EXCLUSIVE Ex-Amazon India seller says antitrust raid illegally detained employees

  • Amazon sellers raided in April over alleged favoritism
  • Cloudtail Says Antitrust Body Conducted Raid Illegally
  • Antitrust body says raid complied with regulatory process
  • Indian regulators and foreign firms tussle over e-commerce

NEW DELHI, June 10 (Reuters) – A former Amazon (AMZN.O) best seller in India, Cloudtail, has accused India’s antitrust agency of unlawfully detaining its employees during a raid over alleged breaches of the competition law, according to court documents seen by Reuters. .

Cloudtail, among a handful of online sellers raided as part of an investigation into Amazon and Walmart’s (WMT.N) Flipkart over alleged preferential treatment on e-commerce platforms, argued in court that the detentions were the cause of the denial of documents taken during the raid. Read more

“[Three] senior management employees were detained for more than 30 hours overnight until the search and seizure operation was completed,” the May 30 filing said. The operation was carried out on April 28 and 29.

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Cloudtail and Amazon did not respond to requests for comment.

A senior source at the Competition Commission of India (CCI), which led the raid, dismissed the allegations, saying it had obtained the required legal approvals and complied with the watchdog’s regulatory processes. . The source was not authorized to speak to the media and declined to be identified.

Cloudtail’s case marks an escalation between increasingly assertive Indian authorities and foreign e-commerce players who, along with their subsidiaries, dominate the country’s booming online retail sector.

For years, small traders – a key constituency for Prime Minister Narendra Modi – have alleged that foreign giants favored selected sellers online, in violation of Indian laws. The companies deny these allegations.

This is not the only sector where the Indian authorities have recently found themselves in public legal disputes with foreign companies.

In early May, Chinese smartphone maker Xiaomi alleged in a filing that its top executives were threatened with physical violence and coercion during a payment investigation by the Directorate of Law Enforcement, India’s intelligence agency. fight against financial crime. The agency denied the allegations. Read more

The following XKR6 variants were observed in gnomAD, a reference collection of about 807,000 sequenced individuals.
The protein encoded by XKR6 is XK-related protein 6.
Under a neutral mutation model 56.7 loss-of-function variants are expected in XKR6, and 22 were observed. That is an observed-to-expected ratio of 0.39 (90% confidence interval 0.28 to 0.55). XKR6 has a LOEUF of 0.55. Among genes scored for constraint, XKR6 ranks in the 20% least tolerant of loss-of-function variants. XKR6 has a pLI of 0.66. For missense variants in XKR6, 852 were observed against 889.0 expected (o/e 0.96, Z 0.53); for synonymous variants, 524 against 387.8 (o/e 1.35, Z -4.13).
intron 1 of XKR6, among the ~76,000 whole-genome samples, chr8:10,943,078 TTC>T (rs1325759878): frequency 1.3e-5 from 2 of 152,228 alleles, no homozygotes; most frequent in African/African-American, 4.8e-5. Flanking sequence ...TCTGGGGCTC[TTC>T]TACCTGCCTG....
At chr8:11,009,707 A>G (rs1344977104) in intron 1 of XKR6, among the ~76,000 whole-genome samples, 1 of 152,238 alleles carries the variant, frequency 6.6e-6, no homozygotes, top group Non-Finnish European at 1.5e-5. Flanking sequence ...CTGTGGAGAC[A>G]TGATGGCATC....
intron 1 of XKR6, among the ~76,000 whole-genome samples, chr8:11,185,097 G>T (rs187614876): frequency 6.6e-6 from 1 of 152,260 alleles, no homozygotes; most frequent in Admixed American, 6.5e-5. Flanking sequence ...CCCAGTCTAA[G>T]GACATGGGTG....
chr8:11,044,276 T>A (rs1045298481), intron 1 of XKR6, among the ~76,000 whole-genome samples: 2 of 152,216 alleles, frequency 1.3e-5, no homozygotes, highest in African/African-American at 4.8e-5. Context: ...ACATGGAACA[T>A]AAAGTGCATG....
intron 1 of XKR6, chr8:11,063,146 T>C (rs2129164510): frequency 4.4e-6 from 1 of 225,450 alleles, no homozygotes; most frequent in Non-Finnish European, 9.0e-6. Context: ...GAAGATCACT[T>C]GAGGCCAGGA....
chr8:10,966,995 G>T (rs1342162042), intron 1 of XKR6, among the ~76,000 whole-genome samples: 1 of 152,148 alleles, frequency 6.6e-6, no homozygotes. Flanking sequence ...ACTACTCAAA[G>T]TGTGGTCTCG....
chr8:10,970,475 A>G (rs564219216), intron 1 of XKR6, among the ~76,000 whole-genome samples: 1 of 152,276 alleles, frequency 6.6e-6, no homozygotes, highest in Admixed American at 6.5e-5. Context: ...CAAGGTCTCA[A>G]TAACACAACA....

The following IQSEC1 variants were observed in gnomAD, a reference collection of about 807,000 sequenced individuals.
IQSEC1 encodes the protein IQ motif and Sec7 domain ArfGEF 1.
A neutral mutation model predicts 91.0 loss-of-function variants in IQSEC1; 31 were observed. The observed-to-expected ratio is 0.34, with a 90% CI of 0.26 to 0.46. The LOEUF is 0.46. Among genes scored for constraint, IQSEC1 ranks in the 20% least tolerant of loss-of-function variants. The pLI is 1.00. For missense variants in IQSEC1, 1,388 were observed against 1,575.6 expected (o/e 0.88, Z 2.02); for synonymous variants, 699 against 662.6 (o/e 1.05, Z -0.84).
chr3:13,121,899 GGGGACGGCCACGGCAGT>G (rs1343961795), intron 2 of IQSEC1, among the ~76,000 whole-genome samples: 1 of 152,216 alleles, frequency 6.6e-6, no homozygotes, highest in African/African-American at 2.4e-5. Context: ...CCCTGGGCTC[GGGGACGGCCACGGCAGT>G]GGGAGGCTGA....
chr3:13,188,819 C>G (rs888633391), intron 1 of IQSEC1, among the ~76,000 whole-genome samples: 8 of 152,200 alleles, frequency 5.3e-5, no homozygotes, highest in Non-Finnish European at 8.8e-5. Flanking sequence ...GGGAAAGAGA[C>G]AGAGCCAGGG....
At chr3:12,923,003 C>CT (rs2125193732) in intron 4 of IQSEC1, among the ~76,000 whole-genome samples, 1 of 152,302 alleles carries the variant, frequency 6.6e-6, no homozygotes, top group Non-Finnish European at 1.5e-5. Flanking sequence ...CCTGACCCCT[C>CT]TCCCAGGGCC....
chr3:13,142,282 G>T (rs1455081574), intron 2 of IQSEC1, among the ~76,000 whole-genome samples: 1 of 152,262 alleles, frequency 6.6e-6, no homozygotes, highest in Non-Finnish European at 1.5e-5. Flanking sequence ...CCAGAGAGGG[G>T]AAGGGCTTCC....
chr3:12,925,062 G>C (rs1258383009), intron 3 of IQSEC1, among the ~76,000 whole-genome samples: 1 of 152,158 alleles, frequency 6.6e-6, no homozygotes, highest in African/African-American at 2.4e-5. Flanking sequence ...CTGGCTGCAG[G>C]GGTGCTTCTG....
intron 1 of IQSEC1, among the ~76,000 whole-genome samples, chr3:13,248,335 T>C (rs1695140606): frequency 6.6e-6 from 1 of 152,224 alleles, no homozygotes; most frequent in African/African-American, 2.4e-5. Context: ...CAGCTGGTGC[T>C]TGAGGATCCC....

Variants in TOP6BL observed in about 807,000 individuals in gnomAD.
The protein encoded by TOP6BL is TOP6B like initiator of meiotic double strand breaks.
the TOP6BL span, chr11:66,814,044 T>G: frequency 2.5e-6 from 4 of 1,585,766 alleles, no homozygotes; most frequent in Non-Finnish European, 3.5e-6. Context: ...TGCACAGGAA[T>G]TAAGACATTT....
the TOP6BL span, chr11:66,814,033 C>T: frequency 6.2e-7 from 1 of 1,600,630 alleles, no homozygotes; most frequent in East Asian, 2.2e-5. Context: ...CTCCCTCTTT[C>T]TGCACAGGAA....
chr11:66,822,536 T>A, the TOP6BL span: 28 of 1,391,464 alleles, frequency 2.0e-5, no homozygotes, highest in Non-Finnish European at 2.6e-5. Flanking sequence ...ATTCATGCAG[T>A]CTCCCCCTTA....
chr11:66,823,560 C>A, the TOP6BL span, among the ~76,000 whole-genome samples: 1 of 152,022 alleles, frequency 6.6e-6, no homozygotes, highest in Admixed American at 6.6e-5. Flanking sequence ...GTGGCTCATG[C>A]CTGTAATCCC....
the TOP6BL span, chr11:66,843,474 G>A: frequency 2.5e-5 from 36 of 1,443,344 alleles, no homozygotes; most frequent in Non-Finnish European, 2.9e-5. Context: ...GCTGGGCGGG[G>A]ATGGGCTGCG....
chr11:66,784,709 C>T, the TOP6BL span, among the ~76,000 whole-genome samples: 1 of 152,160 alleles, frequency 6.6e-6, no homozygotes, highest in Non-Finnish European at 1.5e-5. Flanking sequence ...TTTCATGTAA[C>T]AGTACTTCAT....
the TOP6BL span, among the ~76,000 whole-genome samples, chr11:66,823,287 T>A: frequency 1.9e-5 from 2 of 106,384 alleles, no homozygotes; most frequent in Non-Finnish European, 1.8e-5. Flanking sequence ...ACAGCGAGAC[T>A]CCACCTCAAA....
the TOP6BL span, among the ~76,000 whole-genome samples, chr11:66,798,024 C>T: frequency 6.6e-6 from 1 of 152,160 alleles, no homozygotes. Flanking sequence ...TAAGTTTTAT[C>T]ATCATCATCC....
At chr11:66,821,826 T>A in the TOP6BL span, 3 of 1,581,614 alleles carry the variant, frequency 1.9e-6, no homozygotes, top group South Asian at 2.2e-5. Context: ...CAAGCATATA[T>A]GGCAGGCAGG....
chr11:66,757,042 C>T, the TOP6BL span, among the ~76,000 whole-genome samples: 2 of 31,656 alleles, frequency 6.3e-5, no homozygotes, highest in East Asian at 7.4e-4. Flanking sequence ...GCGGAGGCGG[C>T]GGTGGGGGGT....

An initial hearing on Cloudtail’s case in the Delhi High Court on June 3 did not mention the detentions, and the contents of the case have not been released publicly.

Cloudtail’s attorneys told the judge the company shouldn’t have been raided because it was simply a third-party seller on Amazon.

ICC lawyer Manish Vashisht argued that Cloudtail was simply trying to discourage authorities from pursuing the investigation, noting the watchdog’s broader investigation into Amazon and its dealings with sellers.

The judge scheduled the next hearing on the matter for July 15.

Amazon recently took full control of Cloudtail, which has since ceased to be a seller on the Amazon platform.

During the period covered by the TCC’s investigation, Cloudtail was controlled by a joint venture between Amazon and an Indian entity.

The two companies announced last August that they would not extend the partnership beyond May 2022, after a Reuters investigation, based on Amazon documents, showed that the American company had given preferential treatment for years to Cloudtail and a small group of other vendors, which they used to circumvent Indian laws. (https://reut.rs/3QcQyYr)

The investigation found that while Amazon publicly referred to Cloudtail as an independent seller offering products on its website, company documents revealed that the US company was deeply involved in its expansion. Amazon said it does not give preferential treatment to any sellers and is complying with the law.

In the latest court filing, Cloudtail also objected to ICC raids for seizing confidential documents, including family photos and blood test results, while his attorneys were barred from entering the premises. nor to assist the employees during the raid.

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Reporting by Aditya Kalra and Abhirup Roy; Editing by Edmund Klamann

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